Food and Drinks

5 Japanese Food Spots in Davao City

Sushi, maki, sashimi, and tonkatsu are always my top choices when dining at a Japanese restaurant. But it’s also a good choice to try their best sellers, right?

Here are some of the authentic and affordable yet underrated Japanese restaurants in town:

Note: These are based on our own honest opinion and personal experiences only.

1. Yurushi

I have been here only once with one of my best friends way back in 2011. It’s still located at that same humble place in R. Magsaysay Avenue commonly known as Uyanguren.

Menu – Circa 27 Nov 2011
Gyudon (left) & Katsudon (right)

I can’t exactly recall how the food was. My taste buds probably weren’t satiated those days. Thus, I didn’t bother to come back.


Image from Foursquare (click for a larger view)

2. Nonki

Originally from Cebu, this is one of the most memorable restaurants for us. My first time here was when Danny took me out for dinner after some free Korean lessons with him few years ago. I considered that as our first unofficial date. We usually come here for their lunch set meals promo (less than Php400) and for us, the quantity is just right.

They welcome you with a Japanese greeting “irasshaimase” upon entering and escort you to be seated then, hand out a cold rolled towel (oshibori) before serving the food.

Beef Teppanyaki
20150204_130331 20150204_125846 IMG_6693

They have the “freshest” sashimi in town that makes you crave once in a while. Now that we are married, we still come back here for an authentic Japanese cuisine.


Image from Bing (click for a larger view)

Address: F. Torres Street

Operating Hours: Daily 11:30 am – 2:00 pm & 5:30 pm – 11:00 pm

Official Date Opened: February 18, 2010

3. Tadakuma


2012-03-21 19.10
I so wanted to take this plate home!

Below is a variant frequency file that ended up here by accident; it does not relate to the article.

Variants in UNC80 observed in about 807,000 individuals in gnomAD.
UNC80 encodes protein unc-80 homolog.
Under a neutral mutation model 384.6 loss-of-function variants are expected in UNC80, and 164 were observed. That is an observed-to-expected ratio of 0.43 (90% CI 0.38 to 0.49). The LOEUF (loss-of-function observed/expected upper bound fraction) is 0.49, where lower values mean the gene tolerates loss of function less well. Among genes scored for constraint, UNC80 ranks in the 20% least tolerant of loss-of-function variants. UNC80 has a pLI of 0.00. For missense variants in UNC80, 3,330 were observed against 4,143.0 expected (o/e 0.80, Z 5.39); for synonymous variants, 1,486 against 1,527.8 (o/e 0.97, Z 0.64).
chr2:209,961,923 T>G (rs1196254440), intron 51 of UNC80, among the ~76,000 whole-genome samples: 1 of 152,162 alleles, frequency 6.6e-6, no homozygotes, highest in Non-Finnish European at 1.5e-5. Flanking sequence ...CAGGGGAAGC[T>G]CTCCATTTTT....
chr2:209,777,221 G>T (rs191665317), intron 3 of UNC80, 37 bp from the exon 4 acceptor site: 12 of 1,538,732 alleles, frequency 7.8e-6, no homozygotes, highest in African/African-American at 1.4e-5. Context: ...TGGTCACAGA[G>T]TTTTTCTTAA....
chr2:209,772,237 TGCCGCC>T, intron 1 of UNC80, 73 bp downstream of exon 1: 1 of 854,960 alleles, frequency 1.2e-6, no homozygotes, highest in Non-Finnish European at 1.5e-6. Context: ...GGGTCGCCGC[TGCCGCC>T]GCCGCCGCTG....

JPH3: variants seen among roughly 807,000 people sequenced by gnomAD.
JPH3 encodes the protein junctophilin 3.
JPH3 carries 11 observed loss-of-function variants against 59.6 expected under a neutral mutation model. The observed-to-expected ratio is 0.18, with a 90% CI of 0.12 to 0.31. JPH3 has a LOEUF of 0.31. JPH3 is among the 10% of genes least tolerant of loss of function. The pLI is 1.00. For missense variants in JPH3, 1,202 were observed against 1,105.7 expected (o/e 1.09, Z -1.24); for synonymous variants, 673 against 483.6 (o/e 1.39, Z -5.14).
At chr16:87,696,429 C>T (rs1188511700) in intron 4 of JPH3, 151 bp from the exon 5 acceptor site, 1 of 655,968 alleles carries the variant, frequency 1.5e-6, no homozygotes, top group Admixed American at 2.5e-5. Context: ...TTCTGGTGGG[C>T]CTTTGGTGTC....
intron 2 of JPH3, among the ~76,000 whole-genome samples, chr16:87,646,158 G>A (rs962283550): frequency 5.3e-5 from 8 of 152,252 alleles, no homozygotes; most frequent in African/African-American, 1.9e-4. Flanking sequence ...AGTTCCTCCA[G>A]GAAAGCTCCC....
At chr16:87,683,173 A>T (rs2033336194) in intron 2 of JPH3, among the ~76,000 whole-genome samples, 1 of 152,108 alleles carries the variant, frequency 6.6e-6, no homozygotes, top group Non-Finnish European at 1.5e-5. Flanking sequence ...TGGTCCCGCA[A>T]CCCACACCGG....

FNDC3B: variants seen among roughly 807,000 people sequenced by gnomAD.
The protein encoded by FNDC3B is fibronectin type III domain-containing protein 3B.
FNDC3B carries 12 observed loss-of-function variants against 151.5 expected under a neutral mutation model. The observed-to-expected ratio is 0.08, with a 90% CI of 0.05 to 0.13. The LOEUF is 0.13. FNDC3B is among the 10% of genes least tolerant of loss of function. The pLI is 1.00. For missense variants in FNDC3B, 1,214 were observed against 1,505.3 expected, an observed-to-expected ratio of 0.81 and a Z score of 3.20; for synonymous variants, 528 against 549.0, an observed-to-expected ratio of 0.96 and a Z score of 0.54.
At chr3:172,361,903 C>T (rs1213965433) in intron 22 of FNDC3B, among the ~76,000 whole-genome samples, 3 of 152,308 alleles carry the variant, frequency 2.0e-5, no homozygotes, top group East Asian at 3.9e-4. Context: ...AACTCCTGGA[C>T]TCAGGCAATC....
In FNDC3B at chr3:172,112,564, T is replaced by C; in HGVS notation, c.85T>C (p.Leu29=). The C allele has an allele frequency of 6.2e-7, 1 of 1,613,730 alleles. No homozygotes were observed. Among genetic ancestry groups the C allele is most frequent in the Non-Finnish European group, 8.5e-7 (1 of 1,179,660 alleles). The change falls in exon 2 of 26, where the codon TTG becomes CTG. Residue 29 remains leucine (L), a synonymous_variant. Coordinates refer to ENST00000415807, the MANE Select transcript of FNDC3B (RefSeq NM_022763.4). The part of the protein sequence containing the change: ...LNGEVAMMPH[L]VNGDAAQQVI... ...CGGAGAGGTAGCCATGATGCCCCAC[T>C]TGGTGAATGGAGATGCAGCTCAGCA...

I’ve been to 2 of their branches (across Central Bank and Damosa) and ordered the same dish – Chirashi Sushi.

Chirashi sushi (scattered sushi) can have many versions. Ingredients may vary from raw fish to fried tofu or vegetables or avocados. There is no exact recipe for this but in Tadakuma, they topped it with raw fish, crab sticks, roe (tobiko), and egg (tamago).



Address: Damosa Complex, J.P. Laurel Avenue

Operating Hours: Daily 10:00 am – 10:00 pm

4. Kushiya


My sister has been looking for this very small resto all over Damosa for weeks. We finally found it last March 6. It is located at Sumo Asia Hotels compound right after Philippine Nikkei Jin Kai School, if you are entering from Mamay Road, Lanang.

IMG_8484 IMG_8482

We arrived just in time for lunch. Then, the place was suddenly filled with Japanese manongs. Our orders were

Beef Ramen — Php 180

It was savory and too oily at the same time.

Tonkatsu — Php165

The breading was too thick, I could no longer taste the meat and as for our complimentary dessert

A small cup of coffee jelly with milk.

kushiya kamo

Address: Mamay Road, Lanang

Operating Hours: Mon – Sat  10:00 am – 10:00 pm

5. Kamo

The latest Japanese restaurant my sister and I had been to (March 23). We’ve spotted this resto the last time when we were on our way to Kushiya. The place is airconditioned and a bit bigger than the rest of the stores around the compound.

Here’s the menu:

IMG_8466 IMG_8467

Best sellers include Okonomiyaki (Php130-190), Yakisoba (Php110-130) and our orders.

A big glass of tea before meal.
Mixed Fry Set: Chicken, Pork, Shrimp and Potato Croquette — Php220
Left to Right: Chicken, Pork, Shrimp, Potato Croquette

The chicken and croquette were good and just cooked right. Pork was a bit salty.

Shoyu Ramen — Php200

My sister, a certified noodle/pasta lover, didn’t like the ramen. It was supposed to be miso and shoyu ramen, but miso wasn’t available that day. So, they served it plain shoyu for the same price.


Address: Sumo Asia Hotel compound, Mamay Road, Lanang

Japanese Dining Etiquette:

1. Traditionally, Japanese say the phrase “ittadakimasu” (bon appetit) before eating the meal.

2. It is acceptable to place the rice bowl near your mouth by holding the bowl in one hand and chopsticks on the other. You may also drink the soup from the bowl rather than use spoon. This is to avoid spilling.

3. Slurping noodles may mean you like the food and it tastes good. But burping or blowing one’s nose is rude.

4. Don’t play with the chopsticks like pointing it to people or food and don’t ever pass food using your chopsticks.

5. Enjoy the meal until you finish the very last grain of rice. Then end the meal by saying the phrase “gochisōsama-deshita” (It was a feast / I enjoyed the food).

What do you think about these restaurants? Do you have any other recommendation?

2 thoughts on “5 Japanese Food Spots in Davao City

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